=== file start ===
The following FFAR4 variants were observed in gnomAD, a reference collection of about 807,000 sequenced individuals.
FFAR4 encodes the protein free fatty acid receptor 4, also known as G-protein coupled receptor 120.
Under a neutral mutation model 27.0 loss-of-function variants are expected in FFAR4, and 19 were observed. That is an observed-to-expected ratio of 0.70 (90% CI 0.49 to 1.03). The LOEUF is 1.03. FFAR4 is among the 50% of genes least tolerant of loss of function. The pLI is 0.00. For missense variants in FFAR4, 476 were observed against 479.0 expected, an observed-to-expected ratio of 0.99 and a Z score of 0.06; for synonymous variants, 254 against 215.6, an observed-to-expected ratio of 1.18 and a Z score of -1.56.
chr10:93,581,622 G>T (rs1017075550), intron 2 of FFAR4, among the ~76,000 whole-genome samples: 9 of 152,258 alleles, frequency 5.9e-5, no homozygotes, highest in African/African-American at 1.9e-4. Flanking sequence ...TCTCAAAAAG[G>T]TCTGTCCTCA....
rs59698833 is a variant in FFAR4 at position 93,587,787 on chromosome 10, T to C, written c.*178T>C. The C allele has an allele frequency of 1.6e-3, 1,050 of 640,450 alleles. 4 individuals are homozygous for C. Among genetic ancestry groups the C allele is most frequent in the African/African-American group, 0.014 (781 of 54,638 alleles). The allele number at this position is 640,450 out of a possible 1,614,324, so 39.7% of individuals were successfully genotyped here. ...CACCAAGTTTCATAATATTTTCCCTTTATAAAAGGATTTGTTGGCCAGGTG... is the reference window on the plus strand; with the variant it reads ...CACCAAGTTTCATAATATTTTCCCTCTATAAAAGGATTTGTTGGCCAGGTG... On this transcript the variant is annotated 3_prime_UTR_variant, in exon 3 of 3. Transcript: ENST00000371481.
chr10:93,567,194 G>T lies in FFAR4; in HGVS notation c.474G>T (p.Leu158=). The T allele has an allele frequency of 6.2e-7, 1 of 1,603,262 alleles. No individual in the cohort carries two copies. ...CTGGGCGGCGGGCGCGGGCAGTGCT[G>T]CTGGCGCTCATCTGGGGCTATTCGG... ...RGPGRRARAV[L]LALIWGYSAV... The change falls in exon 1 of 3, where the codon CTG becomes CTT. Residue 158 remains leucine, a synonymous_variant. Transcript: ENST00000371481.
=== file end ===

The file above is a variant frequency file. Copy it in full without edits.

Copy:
The following FFAR4 variants were observed in gnomAD, a reference collection of about 807,000 sequenced individuals.
FFAR4 encodes the protein free fatty acid receptor 4, also known as G-protein coupled receptor 120.
Under a neutral mutation model 27.0 loss-of-function variants are expected in FFAR4, and 19 were observed. That is an observed-to-expected ratio of 0.70 (90% CI 0.49 to 1.03). The LOEUF is 1.03. FFAR4 is among the 50% of genes least tolerant of loss of function. The pLI is 0.00. For missense variants in FFAR4, 476 were observed against 479.0 expected, an observed-to-expected ratio of 0.99 and a Z score of 0.06; for synonymous variants, 254 against 215.6, an observed-to-expected ratio of 1.18 and a Z score of -1.56.
chr10:93,581,622 G>T (rs1017075550), intron 2 of FFAR4, among the ~76,000 whole-genome samples: 9 of 152,258 alleles, frequency 5.9e-5, no homozygotes, highest in African/African-American at 1.9e-4. Flanking sequence ...TCTCAAAAAG[G>T]TCTGTCCTCA....
rs59698833 is a variant in FFAR4 at position 93,587,787 on chromosome 10, T to C, written c.*178T>C. The C allele has an allele frequency of 1.6e-3, 1,050 of 640,450 alleles. 4 individuals are homozygous for C. Among genetic ancestry groups the C allele is most frequent in the African/African-American group, 0.014 (781 of 54,638 alleles). The allele number at this position is 640,450 out of a possible 1,614,324, so 39.7% of individuals were successfully genotyped here. ...CACCAAGTTTCATAATATTTTCCCTTTATAAAAGGATTTGTTGGCCAGGTG... is the reference window on the plus strand; with the variant it reads ...CACCAAGTTTCATAATATTTTCCCTCTATAAAAGGATTTGTTGGCCAGGTG... On this transcript the variant is annotated 3_prime_UTR_variant, in exon 3 of 3. Transcript: ENST00000371481.
chr10:93,567,194 G>T lies in FFAR4; in HGVS notation c.474G>T (p.Leu158=). The T allele has an allele frequency of 6.2e-7, 1 of 1,603,262 alleles. No individual in the cohort carries two copies. ...CTGGGCGGCGGGCGCGGGCAGTGCT[G>T]CTGGCGCTCATCTGGGGCTATTCGG... ...RGPGRRARAV[L]LALIWGYSAV... The change falls in exon 1 of 3, where the codon CTG becomes CTT. Residue 158 remains leucine, a synonymous_variant. Transcript: ENST00000371481.